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This question is based on the unwarranted assumption that people go to heaven when they die, whether immediately or at some later time. The question really should specify some denomination that believes this doctrine. It also fails to indicate why anyone would think that Jairus's daughter would have been guaranteed anything. From a biblical point of view, ...


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Why did Jesus raise people from the dead, when they would have been in heaven? The real reason that Jesus raised someone from the dead would be so that God could be glorified in all things (Ut in omnibus glorificetur Deus). There are two points that I would like to point out here before going on. When Jesus raised someone from the dead, he himself had not ...


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This answer is based on your amendment, where you change your question to, "When Jairus' daughter died, was she not guaranteed a place in heaven? " I also note your comment to one answer, "If Jesus had not resurrected Jairus' daughter, she would have been part of the righteous dead and would get a place in heaven. Yet through Jesus' actions ...


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Within the Christian faith, there are differing opinions about what happens after a person dies. Some people think that at the moment of death there is an instant judgment and they are sent to their eternal destination. Others think that at death people "sleep" until the final judgment when they are then judged. And others believe there is a ...


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Your question is predicated on the assumption that, by resurrecting a righteous person, said righteous person is given X more years of life, during which they might make use of their freedom of the will to apostatize (i.e. abandon the faith). Philosophically speaking it sounds like a valid concern, but at the same time I would say it is quite speculative. ...


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They weren't in Heaven yet, and His miraculous deeds helped establish His status as the Messiah. Simply put, my understanding as an evangelical/charismatic Christian is that before Jesus died and rose again, people didn't go to Heaven (aside from Enoch, who is noted to have been bodily ascended into Heaven). They went to Sheol, "the grave", which ...


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I thought everyone asked themselves this question at one point and the answer is because it maximizes the manifestation of the good glory of God through our participation and enjoyment of that glory. It is similar to the question, "Why had God sent angels to help him do his will, when he could do it all by himself?". "Why did God ask Adam and ...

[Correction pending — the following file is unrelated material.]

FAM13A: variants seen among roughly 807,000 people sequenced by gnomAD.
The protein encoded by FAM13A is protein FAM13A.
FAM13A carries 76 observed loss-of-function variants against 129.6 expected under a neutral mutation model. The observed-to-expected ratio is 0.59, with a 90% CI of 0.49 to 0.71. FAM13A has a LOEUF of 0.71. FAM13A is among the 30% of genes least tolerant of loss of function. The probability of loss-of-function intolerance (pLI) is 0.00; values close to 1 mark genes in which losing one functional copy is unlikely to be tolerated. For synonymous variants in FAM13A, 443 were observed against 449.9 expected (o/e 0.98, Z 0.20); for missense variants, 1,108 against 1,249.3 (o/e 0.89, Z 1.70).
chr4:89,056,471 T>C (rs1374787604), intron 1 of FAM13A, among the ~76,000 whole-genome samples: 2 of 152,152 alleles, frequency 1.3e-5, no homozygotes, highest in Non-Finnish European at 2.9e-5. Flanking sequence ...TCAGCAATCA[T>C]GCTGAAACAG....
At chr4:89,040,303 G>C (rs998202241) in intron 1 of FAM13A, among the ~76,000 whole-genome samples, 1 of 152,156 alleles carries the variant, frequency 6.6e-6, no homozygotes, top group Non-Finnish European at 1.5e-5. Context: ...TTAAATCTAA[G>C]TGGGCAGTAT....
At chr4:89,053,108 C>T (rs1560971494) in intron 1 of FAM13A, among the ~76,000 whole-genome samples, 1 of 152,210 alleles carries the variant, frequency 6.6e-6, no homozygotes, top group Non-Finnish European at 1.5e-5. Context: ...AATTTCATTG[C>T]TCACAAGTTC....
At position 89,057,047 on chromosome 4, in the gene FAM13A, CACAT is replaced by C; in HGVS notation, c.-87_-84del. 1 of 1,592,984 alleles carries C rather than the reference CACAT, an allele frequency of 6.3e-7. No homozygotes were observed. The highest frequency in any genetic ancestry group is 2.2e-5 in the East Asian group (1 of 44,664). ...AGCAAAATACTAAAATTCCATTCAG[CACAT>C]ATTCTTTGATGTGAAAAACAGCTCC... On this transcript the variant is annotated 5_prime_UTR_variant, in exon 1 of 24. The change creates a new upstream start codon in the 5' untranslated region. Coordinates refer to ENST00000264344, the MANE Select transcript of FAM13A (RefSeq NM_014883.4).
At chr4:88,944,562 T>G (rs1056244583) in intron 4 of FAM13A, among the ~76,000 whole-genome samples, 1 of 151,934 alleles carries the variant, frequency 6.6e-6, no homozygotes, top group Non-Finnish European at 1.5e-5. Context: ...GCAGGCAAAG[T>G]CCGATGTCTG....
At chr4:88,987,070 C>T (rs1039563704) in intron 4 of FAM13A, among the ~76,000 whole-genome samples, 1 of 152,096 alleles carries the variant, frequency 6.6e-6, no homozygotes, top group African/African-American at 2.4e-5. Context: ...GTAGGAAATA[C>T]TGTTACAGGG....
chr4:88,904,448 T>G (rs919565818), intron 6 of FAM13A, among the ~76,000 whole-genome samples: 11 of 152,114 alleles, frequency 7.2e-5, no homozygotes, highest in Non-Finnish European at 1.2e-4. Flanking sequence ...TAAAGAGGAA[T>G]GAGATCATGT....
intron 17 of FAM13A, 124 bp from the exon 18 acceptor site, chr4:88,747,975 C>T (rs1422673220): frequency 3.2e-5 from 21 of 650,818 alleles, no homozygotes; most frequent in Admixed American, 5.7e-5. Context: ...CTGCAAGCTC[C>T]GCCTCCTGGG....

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Free Will The short answer to your question is, God wasn't trying to suppress free will; if anything, he elevated its significance by raising the stakes, as previously free choice had no consequence and any choice was fine. You've stated/implied in a couple of places that "Free will is the ability to decide on your own between good and evil", but I ...


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Your words: If Adam and Eve do not know about good and evil, they are not free to choose. They > do not have free will without the knowledge that there is even a choice to make in this dichotomy. Yes, they had the possibility to take the fruit (as we see), but God tries to actively sway them away from it. God actively tries to keep them deprived of free ...


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If 'freewill' was so important, the bible would speak of it often and in detail. We only have a lot of opinion of an alleged FW. Where this premise comes from I do not know, nor much, do I care. God is more interested in obedience, hence the garden setup. Their choice was not based on all available knowledge, it was simply a matter of trust and a resultant ...


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Summary Romans 6:16 (all verses KJV) Know ye not, that to whom ye yield yourselves as doulos, to obey, his doulos ye are to whom ye obey; whether of sin unto death, or of obedience unto righteousness? The solution is to not read “free will” so heavily into the Bible, and to not believe in free will as an ultimate good per se, or maybe even not believe it ...


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He is trying in a “soft” way (i.e. not with absolute impossibility) to suppress freedom of choice by prohibiting to obtain the required knowledge to choose. There was no suppression of the freedom of choice: God said "don't do this". Adam and Eve now know that they have a choice about whether to obey God or not. If they obey, they have freely ...


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First of all, remember that the heavens existed and God had created angels long before he created the physical universe (Job 38:7). We can be sure that he created the angels with the same free will because some of them went on to practice evil (Gen 6:2). The issues related to free will and to good/evil may well have already been tested before the creation of ...


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